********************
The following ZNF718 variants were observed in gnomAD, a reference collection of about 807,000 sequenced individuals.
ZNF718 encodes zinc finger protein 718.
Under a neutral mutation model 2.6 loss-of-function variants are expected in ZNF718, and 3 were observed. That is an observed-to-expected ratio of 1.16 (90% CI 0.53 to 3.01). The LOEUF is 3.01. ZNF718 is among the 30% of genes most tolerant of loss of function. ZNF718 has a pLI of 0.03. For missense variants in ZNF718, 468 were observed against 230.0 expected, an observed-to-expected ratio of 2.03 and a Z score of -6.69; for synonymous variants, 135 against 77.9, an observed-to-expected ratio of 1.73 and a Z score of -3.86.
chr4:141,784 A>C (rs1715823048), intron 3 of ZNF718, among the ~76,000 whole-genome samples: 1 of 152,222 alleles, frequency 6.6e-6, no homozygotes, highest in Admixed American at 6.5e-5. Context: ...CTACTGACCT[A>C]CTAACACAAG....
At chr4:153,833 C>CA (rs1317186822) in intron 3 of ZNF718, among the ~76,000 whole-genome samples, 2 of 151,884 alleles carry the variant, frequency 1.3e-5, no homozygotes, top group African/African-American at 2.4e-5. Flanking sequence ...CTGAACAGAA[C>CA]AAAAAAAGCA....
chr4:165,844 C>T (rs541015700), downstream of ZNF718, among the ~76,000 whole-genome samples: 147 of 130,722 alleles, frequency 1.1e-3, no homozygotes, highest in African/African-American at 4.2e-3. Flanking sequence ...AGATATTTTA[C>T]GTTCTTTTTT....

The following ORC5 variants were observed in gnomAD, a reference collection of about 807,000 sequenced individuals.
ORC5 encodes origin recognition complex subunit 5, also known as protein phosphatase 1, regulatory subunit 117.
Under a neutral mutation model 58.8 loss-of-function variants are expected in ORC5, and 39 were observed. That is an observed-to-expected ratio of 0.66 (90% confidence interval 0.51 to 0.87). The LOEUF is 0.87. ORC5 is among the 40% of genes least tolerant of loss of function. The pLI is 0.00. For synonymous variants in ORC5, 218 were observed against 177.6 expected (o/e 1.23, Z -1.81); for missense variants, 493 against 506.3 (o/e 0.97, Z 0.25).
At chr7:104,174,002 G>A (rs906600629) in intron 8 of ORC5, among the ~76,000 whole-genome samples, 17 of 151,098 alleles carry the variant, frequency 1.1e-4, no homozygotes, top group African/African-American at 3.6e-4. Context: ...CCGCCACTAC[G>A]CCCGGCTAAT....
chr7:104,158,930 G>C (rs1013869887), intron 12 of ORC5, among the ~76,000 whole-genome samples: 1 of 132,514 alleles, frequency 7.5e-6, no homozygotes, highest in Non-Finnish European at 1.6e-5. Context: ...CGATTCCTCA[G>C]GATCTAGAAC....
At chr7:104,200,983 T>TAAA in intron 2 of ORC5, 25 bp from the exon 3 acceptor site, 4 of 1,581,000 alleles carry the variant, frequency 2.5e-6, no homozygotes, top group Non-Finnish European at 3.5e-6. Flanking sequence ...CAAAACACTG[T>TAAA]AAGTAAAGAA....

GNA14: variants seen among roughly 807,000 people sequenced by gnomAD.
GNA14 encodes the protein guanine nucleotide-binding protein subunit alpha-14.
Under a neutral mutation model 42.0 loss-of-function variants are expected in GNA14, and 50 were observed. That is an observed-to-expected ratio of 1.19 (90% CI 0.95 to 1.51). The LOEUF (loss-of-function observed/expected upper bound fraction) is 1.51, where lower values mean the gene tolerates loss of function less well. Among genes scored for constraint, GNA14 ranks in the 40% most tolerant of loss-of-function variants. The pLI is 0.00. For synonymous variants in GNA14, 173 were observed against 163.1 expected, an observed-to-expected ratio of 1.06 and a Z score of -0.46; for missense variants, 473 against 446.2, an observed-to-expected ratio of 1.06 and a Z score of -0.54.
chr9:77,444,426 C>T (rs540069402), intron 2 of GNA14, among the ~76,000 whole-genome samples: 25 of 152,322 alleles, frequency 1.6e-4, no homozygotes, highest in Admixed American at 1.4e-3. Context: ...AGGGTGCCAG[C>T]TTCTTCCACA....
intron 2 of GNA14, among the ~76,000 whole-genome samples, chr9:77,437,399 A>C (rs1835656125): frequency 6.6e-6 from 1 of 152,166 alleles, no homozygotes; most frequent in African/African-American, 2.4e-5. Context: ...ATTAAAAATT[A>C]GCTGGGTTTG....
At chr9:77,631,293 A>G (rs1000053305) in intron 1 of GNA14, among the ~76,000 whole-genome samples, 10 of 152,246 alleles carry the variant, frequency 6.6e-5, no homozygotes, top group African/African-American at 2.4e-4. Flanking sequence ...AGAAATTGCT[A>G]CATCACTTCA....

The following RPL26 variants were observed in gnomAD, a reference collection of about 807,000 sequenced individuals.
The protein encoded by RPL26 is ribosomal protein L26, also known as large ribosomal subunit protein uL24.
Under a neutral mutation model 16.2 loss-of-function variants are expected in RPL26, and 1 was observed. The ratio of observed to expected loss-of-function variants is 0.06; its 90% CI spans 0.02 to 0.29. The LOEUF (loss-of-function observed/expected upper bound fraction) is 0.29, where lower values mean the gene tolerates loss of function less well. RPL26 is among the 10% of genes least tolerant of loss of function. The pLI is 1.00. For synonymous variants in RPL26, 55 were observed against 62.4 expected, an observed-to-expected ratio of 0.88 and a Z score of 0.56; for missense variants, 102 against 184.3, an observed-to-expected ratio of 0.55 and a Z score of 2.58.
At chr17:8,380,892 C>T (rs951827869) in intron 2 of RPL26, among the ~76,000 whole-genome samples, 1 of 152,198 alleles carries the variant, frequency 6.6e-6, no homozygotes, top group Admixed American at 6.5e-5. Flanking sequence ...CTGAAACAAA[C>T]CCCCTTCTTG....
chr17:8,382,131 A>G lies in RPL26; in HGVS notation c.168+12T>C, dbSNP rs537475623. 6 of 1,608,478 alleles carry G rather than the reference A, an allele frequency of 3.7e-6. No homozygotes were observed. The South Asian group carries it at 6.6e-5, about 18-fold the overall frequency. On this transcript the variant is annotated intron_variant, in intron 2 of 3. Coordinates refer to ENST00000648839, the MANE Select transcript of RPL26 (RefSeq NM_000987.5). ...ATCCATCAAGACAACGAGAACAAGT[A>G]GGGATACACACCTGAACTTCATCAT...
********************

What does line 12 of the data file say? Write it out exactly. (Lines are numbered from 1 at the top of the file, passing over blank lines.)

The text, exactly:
At chr7:104,200,983 T>TAAA in intron 2 of ORC5, 25 bp from the exon 3 acceptor site, 4 of 1,581,000 alleles carry the variant, frequency 2.5e-6, no homozygotes, top group Non-Finnish European at 3.5e-6. Flanking sequence ...CAAAACACTG[T>TAAA]AAGTAAAGAA....